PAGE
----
Chapter 1 basic and theoretical elements of the COOH and COOR teams (pages 1–52): Massimo Simonetta and Sergio Carra
Chapter 2 Electrochemical reactions of carboxylic acids and comparable techniques (pages 53–101): Lennart Eberson
Chapter three Alcoholysis, acidolysis and redistribution of esters (pages 103–136): Jouko Koskikallio
Chapter four The formation of carboxylic acids and their derivatives from organometallic compounds (pages 137–173): R. P. A. Sneeden
Chapter five Synthesis of di? and polycarboxylic acids and esters (pages 175–209): V. F. Kucherov and L. A. Yanovskaya
Chapter 6 Acidity and hydrogen bonding of carboxyl teams (pages 211–293): Lennart Eberson
Chapter 7 advent of COOH teams through carbonyl olefination (pages 295–340): L. D. Bergelson and M. M. Shemyakin
Chapter eight Rearrangement and cyclization reactions of carboxylic acids and esters (pages 341–373): Harold Kwart and Kenneth King
Chapter nine Substitution within the teams COOH and COOR (pages 375–452): D. P. N. Satchell and R. S. Satchell
Chapter 10 Syntheses and makes use of of isotopically labelled carboxylic acids (pages 453–503): Mieczyslaw Zielinski
Chapter eleven Esterification and ester hydrolysis (pages 505–588): Erkki okay. Euranto
Chapter 12 The decarboxylation response (pages 589–622): Louis W. Clark
Chapter thirteen Ortho esters (pages 623–667): E. H. Cordes
Chapter 14 Peracids and peresters (pages 669–703): Sven?Olov Lawesson and Gustav Schroll
Chapter 15 Thiolo, thiono and dithio acids and esters (pages 705–764): Matthys J. Janssen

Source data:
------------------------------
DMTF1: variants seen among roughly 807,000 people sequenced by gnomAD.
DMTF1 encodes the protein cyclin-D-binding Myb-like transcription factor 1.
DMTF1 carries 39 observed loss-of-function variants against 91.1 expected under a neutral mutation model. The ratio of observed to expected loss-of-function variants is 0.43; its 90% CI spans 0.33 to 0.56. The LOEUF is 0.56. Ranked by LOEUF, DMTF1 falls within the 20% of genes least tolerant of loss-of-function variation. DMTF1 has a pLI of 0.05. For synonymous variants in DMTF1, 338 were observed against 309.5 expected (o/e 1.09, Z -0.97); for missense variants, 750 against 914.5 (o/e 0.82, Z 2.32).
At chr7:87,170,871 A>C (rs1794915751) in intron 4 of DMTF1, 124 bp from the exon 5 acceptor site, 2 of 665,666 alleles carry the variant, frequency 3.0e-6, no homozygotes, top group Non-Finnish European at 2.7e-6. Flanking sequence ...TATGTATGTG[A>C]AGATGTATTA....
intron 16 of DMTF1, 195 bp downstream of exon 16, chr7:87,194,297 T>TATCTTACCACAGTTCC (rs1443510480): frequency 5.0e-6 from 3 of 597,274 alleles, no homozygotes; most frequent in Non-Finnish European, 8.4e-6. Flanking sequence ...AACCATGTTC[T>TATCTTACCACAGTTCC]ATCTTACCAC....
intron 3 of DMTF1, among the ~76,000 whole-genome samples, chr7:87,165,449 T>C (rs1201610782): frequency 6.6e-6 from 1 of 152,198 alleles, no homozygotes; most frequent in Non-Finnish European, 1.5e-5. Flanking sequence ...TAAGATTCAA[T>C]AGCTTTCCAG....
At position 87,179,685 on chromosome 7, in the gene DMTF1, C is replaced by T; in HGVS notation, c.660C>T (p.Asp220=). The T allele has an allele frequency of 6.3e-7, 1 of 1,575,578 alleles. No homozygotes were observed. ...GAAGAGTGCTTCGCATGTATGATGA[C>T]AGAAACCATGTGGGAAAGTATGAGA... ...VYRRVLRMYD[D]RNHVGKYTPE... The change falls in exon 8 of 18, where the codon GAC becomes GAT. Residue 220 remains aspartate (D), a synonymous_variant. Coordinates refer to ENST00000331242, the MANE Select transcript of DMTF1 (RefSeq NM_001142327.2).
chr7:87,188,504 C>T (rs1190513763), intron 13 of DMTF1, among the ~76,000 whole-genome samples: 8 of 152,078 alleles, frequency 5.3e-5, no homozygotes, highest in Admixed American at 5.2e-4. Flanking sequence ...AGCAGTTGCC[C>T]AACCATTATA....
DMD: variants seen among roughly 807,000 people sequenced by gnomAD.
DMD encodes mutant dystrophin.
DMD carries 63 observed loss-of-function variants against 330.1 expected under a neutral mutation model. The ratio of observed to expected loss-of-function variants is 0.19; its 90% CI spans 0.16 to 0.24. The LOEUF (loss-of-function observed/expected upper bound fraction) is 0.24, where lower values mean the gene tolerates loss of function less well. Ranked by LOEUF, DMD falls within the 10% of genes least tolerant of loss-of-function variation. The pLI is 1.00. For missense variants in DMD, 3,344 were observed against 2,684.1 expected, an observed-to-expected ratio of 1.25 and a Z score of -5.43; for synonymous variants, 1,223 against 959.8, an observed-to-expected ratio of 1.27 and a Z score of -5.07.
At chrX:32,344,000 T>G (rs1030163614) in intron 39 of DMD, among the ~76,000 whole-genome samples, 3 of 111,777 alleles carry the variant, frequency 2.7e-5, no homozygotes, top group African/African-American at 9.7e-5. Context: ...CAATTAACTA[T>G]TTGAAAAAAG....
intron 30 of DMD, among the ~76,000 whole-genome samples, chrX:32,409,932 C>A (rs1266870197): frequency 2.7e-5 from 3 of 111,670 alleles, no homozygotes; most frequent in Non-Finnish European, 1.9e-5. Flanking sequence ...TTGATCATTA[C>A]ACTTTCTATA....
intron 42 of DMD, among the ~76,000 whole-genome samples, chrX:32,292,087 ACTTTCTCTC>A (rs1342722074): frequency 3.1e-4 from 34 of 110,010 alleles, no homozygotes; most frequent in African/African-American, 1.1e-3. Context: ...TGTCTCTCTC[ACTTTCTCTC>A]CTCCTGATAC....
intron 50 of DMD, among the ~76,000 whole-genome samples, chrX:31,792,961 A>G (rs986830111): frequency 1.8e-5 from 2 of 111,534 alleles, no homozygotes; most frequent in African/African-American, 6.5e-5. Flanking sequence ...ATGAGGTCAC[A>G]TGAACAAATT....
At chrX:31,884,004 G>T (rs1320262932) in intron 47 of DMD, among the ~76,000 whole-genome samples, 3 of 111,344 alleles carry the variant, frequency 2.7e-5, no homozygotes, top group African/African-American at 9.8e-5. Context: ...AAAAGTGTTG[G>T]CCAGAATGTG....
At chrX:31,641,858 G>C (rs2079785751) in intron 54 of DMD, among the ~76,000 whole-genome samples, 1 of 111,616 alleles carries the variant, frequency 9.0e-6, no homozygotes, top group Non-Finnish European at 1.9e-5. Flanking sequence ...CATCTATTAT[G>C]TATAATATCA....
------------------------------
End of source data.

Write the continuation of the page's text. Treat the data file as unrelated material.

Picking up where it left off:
Chapter sixteen Directive and activating results of CO2H and CO2R teams in fragrant and aliphatic reactions (pages 765–869): G. Kohnstam and D. L. H. Williams
Chapter 17 research of carboxylic acids and esters (pages 871–921): T. S. Ma
Chapter 18 organic formation and reactions of the ?COOH and ?COOR teams (pages 923–1064): Shawn Doonan
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Extra resources for Carboxylic Acids and Esters (1969)
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Symbols K,, Hi and Fj represent the stretching, bending and repulsive force constants, respectively, and the prime indicates the interaction between non-bonded atoms. The values of the distances at equilibrium position, rio, ril and qjo are introduced to make the force constants dimensionally consistent. can be expressed in terms of Fl: by the equilibrium conditions, Massirno Simonetta and Sergio Carra 20 while F,! was assumed to be (- F,/lO) as it follows from a repulsive energy between non-bonded atoms proportional t o I--'.